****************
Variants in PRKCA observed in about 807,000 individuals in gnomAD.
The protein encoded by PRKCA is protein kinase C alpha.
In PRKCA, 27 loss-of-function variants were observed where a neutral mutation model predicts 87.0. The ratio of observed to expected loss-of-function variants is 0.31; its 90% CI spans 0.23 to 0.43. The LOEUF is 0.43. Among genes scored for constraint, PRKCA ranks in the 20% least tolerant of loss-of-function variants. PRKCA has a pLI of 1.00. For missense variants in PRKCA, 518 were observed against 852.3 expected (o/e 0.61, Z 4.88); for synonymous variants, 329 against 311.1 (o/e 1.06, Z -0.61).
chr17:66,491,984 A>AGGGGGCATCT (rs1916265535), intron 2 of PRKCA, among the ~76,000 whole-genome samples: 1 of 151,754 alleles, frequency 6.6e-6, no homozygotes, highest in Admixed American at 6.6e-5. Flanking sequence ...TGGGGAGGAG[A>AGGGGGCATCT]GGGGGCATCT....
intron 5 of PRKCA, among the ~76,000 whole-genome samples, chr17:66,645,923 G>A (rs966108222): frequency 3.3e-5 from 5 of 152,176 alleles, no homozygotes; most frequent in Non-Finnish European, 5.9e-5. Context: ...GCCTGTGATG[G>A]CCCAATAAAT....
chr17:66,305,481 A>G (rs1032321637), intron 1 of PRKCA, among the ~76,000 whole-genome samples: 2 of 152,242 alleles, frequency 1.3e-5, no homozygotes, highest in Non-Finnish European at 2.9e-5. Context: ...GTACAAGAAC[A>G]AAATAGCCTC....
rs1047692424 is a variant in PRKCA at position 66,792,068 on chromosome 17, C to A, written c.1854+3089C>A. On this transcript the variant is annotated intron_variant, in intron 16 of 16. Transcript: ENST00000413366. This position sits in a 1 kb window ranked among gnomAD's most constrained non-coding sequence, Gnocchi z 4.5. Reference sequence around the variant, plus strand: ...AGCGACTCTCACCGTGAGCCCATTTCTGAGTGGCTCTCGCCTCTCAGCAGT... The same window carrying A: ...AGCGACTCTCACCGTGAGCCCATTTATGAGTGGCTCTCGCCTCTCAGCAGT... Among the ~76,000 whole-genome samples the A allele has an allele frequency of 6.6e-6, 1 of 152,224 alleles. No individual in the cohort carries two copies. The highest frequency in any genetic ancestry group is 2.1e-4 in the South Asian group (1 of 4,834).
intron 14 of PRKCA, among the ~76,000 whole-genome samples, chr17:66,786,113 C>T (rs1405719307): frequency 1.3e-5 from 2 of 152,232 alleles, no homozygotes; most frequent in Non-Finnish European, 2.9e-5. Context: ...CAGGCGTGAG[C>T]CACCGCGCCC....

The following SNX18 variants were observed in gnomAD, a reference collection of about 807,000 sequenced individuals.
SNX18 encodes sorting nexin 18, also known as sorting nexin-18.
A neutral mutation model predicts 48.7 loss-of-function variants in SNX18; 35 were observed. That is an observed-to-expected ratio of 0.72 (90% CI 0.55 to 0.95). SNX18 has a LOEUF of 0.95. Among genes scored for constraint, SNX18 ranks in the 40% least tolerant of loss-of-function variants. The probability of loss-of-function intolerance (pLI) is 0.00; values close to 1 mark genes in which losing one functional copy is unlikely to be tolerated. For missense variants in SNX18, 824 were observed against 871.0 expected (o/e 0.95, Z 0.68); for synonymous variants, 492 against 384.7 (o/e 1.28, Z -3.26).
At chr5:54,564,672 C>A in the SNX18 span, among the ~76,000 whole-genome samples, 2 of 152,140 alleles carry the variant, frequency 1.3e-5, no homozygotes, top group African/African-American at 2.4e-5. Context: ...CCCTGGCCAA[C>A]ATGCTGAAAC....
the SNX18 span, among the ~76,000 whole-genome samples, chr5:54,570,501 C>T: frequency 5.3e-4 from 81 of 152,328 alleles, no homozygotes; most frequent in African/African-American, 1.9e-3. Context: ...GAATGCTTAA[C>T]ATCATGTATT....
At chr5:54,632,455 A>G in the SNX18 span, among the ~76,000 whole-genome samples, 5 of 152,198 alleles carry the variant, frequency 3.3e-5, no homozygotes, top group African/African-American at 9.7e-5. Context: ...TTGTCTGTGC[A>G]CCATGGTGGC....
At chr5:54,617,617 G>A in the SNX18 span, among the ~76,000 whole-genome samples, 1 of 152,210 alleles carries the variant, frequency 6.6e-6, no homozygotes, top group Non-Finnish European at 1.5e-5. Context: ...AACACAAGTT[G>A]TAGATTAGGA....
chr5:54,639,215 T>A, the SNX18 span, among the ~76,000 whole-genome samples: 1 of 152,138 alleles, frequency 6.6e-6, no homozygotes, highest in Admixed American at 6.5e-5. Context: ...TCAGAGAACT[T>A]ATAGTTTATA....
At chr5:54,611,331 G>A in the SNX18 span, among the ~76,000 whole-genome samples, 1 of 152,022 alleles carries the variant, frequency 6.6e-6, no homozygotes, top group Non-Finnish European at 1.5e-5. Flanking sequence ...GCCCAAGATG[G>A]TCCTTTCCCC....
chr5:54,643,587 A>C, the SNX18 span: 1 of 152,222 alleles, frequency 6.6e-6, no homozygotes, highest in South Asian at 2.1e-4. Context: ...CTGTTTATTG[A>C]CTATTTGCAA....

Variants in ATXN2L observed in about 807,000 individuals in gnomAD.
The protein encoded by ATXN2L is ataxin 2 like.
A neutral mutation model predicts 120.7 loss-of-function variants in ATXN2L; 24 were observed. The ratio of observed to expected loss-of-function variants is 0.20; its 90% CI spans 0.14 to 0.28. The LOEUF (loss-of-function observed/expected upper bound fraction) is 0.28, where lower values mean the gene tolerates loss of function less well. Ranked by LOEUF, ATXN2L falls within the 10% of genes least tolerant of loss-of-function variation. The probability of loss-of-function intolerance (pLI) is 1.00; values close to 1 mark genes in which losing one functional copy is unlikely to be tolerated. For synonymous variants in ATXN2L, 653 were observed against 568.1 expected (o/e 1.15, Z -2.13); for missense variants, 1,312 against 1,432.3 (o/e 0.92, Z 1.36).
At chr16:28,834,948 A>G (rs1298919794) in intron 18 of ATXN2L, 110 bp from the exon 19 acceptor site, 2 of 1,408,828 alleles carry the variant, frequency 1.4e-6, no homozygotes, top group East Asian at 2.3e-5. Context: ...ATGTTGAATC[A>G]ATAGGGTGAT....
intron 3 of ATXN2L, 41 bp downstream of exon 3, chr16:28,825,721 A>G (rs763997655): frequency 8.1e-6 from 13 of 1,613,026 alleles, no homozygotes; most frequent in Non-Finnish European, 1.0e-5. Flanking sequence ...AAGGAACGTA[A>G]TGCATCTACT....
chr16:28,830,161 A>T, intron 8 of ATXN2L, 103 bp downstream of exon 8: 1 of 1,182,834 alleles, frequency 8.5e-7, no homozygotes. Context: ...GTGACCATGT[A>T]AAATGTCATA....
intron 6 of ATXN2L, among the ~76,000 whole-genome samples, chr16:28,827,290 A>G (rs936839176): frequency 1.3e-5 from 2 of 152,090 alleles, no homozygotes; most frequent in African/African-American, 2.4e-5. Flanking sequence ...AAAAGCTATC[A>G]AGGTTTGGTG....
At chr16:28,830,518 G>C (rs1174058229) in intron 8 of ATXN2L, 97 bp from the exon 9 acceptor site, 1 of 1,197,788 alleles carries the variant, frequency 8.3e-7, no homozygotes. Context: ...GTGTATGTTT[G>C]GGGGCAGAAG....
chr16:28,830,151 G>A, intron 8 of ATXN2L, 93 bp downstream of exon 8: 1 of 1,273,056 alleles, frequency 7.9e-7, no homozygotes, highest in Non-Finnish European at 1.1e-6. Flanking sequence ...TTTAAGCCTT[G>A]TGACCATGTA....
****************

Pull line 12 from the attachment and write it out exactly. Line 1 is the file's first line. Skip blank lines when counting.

At chr5:54,564,672 C>A in the SNX18 span, among the ~76,000 whole-genome samples, 2 of 152,140 alleles carry the variant, frequency 1.3e-5, no homozygotes, top group African/African-American at 2.4e-5. Context: ...CCCTGGCCAA[C>A]ATGCTGAAAC....